Brits staying at the hotel, of which there are 168, have been told to get in touch with consular staff. British Ambassador in Madrid, Hugh Elliott recorded a message for them with all the contact details they need. 

British consular staff are assisting those affected by the hotel lockdown.

READ MORE  Coronavirus: Quarantine at Tenerife hotel partially lifted but Jet2 guests still stranded

Other suspected cases?

Health authorities confirmed that widespread tests are being carried out on those who show symptoms of the coronavirus and who may have been in contact with or come from areas where the virus is prevalent. These are spread out across Spain and for the most part are in people who have recently returned from a trip to an area where there is a coronavirus outbreak, such as northern Italy.

READ MORE: 

Face masks sell out

Pharmacists across Spain have reported panic buying of face masks which have sold out in many establishments.

But a message of calm was issued by the Col·legi de Farmacèutics of Barcelona who insisted that facemasks were not necessary in healthy people and should only be used to prevent infectionif you suspect you are ill, or if you are assisting someone else who is ill.

Should I still travel to Spain?

There are no travel restrictions currently in place in Spain and unless you are booked to stay at the H10 Costa Adeje Palace Hotel on Tenerife, where guests are confined to their room, there is no currently need to change your plans. 

READ MORE: Coronavirus: Is it still safe to go on holiday in Tenerife?

 

Spain's Health Minister Salvador Illa late on Tuesday advised people not to travel to northern Italy and other global hotspots for the disease such as Wuhan in China, South Korea, Japan and Iran “unless it is essential”.

He also said all patients in Spanish hospitals with respiratory illnesses of “unknown causes” would undergo tests to see if they had coronavirus.

What should I do if I think I have symptoms of the coronavirus?

If you develop a fever, cough or have difficulty breathing either in Spain or within 14 days of travelling here and think you may have come in contact with someone who has been in a high risk area you need to seek medical advice immediately but without endangering others.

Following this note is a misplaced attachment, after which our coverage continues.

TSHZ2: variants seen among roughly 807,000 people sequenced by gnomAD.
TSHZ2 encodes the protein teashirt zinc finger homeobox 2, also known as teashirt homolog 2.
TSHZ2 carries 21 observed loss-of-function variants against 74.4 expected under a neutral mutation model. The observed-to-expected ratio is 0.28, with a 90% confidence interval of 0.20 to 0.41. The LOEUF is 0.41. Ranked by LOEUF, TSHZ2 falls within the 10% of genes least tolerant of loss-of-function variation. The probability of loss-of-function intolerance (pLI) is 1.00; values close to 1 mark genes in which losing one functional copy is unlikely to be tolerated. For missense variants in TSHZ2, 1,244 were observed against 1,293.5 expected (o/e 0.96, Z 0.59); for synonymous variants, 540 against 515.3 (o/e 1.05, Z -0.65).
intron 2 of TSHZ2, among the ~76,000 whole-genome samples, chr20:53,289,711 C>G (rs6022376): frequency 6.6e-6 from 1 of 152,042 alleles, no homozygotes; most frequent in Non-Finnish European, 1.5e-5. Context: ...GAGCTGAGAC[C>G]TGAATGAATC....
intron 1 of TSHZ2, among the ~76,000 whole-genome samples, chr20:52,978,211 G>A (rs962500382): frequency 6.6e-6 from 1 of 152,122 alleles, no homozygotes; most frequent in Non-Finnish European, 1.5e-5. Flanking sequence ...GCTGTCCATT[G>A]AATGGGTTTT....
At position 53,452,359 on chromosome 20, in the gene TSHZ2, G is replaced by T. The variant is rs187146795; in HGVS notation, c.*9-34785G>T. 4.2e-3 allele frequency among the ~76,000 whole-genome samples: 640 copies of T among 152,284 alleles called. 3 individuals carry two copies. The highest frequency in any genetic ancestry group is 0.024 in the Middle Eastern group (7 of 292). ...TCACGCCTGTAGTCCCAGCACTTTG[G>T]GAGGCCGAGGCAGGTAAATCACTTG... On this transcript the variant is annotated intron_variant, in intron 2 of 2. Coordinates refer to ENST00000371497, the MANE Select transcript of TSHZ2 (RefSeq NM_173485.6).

Do not go straight to a hospital or doctor's surgery. In Spain, call the government's coronavirus hotline on 061 for emergency advice.

If you're already back home, call your doctor and inform them that you recently travelled to Spain.

Until you've been tested for the virus, avoid further travel or contact with others.

According to the WHO, around 80 percent of people who contract the new coronavirus recover without needing special treatment.

Around 1 out of every six people who gets COVID-19 becomes seriously ill and develops difficulty breathing. Older people and those with underlying medical problems like high blood pressure, heart problems or diabetes, are more likely to develop serious illness.

Only around 2 percent of people with the disease have died.

Finally…. Don't panic!

Authorities in Spain are above all urging people to remain calm. Joan Guix the secretary of public health in the Catalonia region reminded the public that coronavirus staged no great threat to healthy people. 

“Seasonal common flu is much more serious,” he told a press conference on Tuesday adding “In Catalonia we had 434 cases of hospitilaization of those with the flu resulting in 41 deaths.”

That message was reiterated by Pere Godoy, of the Spanish Society of Epidemiology.

“Coronavirus mortality is relatively low, between 2 and 3 percent and lower outside of China,” he said on Thursday, “And the transmissibility, although not negligible, is not explosive either. We will not see hospitals collapsed with thousands of patients. The Spanish health system is well prepared to face what is coming.”